This link provides information about the current status of reactors around the world. It is particularly interesting showing statistics on the current number of reactors in operation and those permanently shutdown. Many of these reactors have been in operation for several years and have undergone refurbishment due to aging and obsolesce. As the facility ages, equipment in operation can become less reliable and therefore increases the risk of a nuclear event. Adding an additional safety system such as the TEGSS would help mitigate this risk.
It is recognized that the availability of power to commercial nuclear power plants is essential for safe operations and accident recovery. A Loss of Offsite Power (LOOP) event, therefore, is considered an important contributor to the total risk at nuclear power plants.
This link shows in detail the actual effects on the people and the environment in the immediate area of the meltdown.
Some 4,500 square miles – (the size of Connecticut)– was found to have radiation levels that exceeded Japan’s allowable exposure rate.
All of the land within 20 km of the destroyed nuclear power plant, an area of about 600 sq km, were declared too radioactive for human habitation.
Estimates of the total economic loss range from $250-$500 billion US
In 2012, officials stated that 159,128 people had been evicted from the exclusion zones, losing their homes and virtually all their possessions.
Radioactive cesium has taken up residence in the exclusion zone, replacing the human inhabitants. It will maintain ownership of the exclusion zone for centuries.
The ecosystem is becoming contaminated by radioactive cesium, it quickly spreads everywhere, contaminating water, soil, plants and animals. It has been detected in a large range of Japanese food, including spinach, tea leaves, milk, beef, and freshwater fish up to 320 kms from Fukushima.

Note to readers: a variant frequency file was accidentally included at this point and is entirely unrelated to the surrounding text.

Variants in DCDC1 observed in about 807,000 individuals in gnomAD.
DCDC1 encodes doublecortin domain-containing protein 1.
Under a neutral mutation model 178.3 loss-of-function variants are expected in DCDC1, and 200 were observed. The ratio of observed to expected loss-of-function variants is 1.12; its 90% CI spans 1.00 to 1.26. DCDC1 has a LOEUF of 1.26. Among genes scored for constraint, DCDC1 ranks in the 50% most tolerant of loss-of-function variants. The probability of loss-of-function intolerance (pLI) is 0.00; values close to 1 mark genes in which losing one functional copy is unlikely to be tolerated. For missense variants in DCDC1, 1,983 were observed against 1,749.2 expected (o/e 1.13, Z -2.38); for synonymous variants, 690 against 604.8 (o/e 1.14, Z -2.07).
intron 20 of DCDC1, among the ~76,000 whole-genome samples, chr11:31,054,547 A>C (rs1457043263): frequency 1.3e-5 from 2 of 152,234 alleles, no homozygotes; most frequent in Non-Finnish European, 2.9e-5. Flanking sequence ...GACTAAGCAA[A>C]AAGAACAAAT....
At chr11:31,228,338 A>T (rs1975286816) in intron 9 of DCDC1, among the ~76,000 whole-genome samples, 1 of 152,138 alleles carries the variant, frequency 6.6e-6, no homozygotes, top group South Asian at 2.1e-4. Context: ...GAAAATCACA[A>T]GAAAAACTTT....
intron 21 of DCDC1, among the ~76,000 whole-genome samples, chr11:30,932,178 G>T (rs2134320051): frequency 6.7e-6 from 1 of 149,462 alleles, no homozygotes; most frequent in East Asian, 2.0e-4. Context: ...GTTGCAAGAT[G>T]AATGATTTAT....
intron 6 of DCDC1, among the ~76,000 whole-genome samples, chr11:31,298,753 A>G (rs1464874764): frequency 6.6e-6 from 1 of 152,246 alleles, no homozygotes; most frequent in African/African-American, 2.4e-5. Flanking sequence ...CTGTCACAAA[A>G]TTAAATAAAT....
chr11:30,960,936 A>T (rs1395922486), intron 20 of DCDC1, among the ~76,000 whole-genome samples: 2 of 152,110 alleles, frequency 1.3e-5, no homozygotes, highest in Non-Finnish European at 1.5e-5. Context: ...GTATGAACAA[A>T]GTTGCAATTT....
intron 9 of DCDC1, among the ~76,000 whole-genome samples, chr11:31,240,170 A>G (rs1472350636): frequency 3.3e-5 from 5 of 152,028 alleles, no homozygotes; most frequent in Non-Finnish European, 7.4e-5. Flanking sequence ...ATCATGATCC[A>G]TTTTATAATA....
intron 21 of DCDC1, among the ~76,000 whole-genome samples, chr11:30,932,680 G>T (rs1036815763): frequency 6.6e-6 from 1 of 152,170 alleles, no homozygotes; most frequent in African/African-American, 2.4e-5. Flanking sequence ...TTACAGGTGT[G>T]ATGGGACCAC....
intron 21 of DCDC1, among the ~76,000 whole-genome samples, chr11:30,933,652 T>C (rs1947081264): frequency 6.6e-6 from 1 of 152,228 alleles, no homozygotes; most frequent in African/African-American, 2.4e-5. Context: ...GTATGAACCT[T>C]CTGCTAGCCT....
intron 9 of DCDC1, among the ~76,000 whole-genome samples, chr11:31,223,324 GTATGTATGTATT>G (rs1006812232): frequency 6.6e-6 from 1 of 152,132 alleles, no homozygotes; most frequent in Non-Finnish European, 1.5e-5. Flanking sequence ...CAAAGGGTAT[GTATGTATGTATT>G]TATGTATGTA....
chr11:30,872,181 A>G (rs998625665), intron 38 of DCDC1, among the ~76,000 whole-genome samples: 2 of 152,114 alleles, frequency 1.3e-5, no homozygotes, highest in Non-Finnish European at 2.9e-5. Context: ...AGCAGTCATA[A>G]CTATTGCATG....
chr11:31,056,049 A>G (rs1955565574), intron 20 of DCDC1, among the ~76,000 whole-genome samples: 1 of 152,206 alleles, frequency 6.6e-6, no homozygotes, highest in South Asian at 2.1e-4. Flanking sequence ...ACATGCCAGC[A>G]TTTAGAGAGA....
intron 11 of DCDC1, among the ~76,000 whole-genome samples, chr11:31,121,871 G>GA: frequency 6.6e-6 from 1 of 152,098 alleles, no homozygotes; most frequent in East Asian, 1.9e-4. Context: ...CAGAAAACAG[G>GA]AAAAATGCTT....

Efforts to clean up highly contaminated areas are generally failing because melting snow and rainwater run off from the contaminated hills and return to recontaminate homes and land.
In addition to its effects on land, the Fukushima disaster produced the largest discharge of radioactive material into the ocean in history. Fifteen months after 733,000 curies of radioactive cesium were pumped into the Pacific, 56 percent of all fish catches off Japan were found to be contaminated with it.
Every day, ten tons of seawater is poured upon each of the melted cores; the water becomes intensely radioactive and then rapidly leaks out of the containment into the adjacent turbine building. Fifty million gallons of intensely radioactive water have already been collected and stored on site. Thousands of additional radioactive gallons continue to accumulate daily, and the pipe system connecting the storage tanks remains at risk, should another large earth quake strike the area.
The Fukushima-Daïchi nuclear power plant accident in March 2011 was the first occurrence showing that an extreme natural event, that generated stress levels far beyond nuclear power plant design, could lead to a core meltdown accident. It also showed how the massive destruction of a site and of the surrounding infrastructures could delay and complicate all accident management operations with a Loss of Offsite Power.